Paterangi    The Paterangi line has been called the greatest defensive line thrown up by either side in the New Zealand Wars, with the Paterangi pa being one of the strongest. Maori began work on the entrenchments soon after the fall of Rangiriri. Completed in late January 1864, the Paterangi line was supposed to halt the British advance south once and for all.  However, by the end of February the sheer number of British reinforcements summoned to the area forced Maori to abandon the site.

Rangiaowhia Focussed on defending Paterangi pa, Maori were not expecting an attack on nearby Rangiaowhia, a small settlement used as a supply base for the pa.  A daybreak shootout caused deaths on both sides.

Kihikihi  Home of Chief Rewi Maniapoto, and site of the Rewi Maniapoto Memorial Reserve.

Orakau   Site of the final, decisive battle in the Waikato War.

Pirongia  Originally named Alexandra, Imperial forces built the East and West Alexandra Redoubts here in 1864.  This marks the southern-most point of the farmlands the Kingitanga were so committed to defending.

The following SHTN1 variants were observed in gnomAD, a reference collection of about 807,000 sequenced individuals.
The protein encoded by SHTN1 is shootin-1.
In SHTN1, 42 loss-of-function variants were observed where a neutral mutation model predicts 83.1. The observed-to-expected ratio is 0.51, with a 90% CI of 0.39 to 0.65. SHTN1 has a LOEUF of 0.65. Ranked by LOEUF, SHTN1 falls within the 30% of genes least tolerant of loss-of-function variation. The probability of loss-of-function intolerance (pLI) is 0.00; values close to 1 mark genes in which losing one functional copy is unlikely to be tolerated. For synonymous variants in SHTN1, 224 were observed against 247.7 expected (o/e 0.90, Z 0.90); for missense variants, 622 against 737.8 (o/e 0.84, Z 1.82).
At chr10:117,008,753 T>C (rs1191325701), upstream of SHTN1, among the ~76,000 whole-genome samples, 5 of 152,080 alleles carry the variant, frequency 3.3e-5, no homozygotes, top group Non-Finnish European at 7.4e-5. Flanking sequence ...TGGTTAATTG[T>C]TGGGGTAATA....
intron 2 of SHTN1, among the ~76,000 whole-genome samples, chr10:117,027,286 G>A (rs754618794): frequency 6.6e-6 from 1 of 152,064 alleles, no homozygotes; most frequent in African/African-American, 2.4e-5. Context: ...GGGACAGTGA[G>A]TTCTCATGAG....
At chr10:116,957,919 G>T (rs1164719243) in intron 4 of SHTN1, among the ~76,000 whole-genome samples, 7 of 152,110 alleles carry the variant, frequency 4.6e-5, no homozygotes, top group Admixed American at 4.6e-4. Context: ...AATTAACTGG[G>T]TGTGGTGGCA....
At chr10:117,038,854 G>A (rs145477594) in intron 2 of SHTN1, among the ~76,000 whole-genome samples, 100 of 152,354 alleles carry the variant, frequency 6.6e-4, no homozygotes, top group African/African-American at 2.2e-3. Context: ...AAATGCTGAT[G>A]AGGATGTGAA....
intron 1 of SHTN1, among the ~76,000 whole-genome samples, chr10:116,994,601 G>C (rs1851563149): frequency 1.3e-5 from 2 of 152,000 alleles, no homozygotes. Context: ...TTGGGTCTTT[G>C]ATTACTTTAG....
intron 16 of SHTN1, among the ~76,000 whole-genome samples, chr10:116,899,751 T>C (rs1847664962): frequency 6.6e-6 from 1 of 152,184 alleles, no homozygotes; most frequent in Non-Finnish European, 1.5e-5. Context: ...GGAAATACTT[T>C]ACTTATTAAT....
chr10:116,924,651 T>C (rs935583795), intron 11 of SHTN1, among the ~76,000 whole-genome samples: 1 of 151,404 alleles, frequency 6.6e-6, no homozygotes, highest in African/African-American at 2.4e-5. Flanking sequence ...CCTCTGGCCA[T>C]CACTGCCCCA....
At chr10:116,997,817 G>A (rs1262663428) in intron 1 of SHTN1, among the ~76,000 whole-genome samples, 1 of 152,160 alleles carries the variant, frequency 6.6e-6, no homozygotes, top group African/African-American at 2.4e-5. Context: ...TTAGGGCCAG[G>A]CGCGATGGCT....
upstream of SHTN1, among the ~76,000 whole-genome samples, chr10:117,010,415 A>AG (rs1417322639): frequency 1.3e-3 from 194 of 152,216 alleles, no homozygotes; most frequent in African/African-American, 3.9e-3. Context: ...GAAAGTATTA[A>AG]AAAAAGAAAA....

infoboards

Information display boards at Rangiriri.

   The tour is a remarkable way to discover, or rediscover, the Waikato region and the events that shaped it.  The tales of bloodshed and brutality are tempered with stories of great kindness and heroism on both sides, and many will take some enlightenment away from these.

How to download your free tour app

Go directly here to Google Play or The Apple Store to download the smartphone version of the tour.  Search for Waikato War.  Note that the downloadable resources are approximately 50mb, so ensure you have a broadband connection first.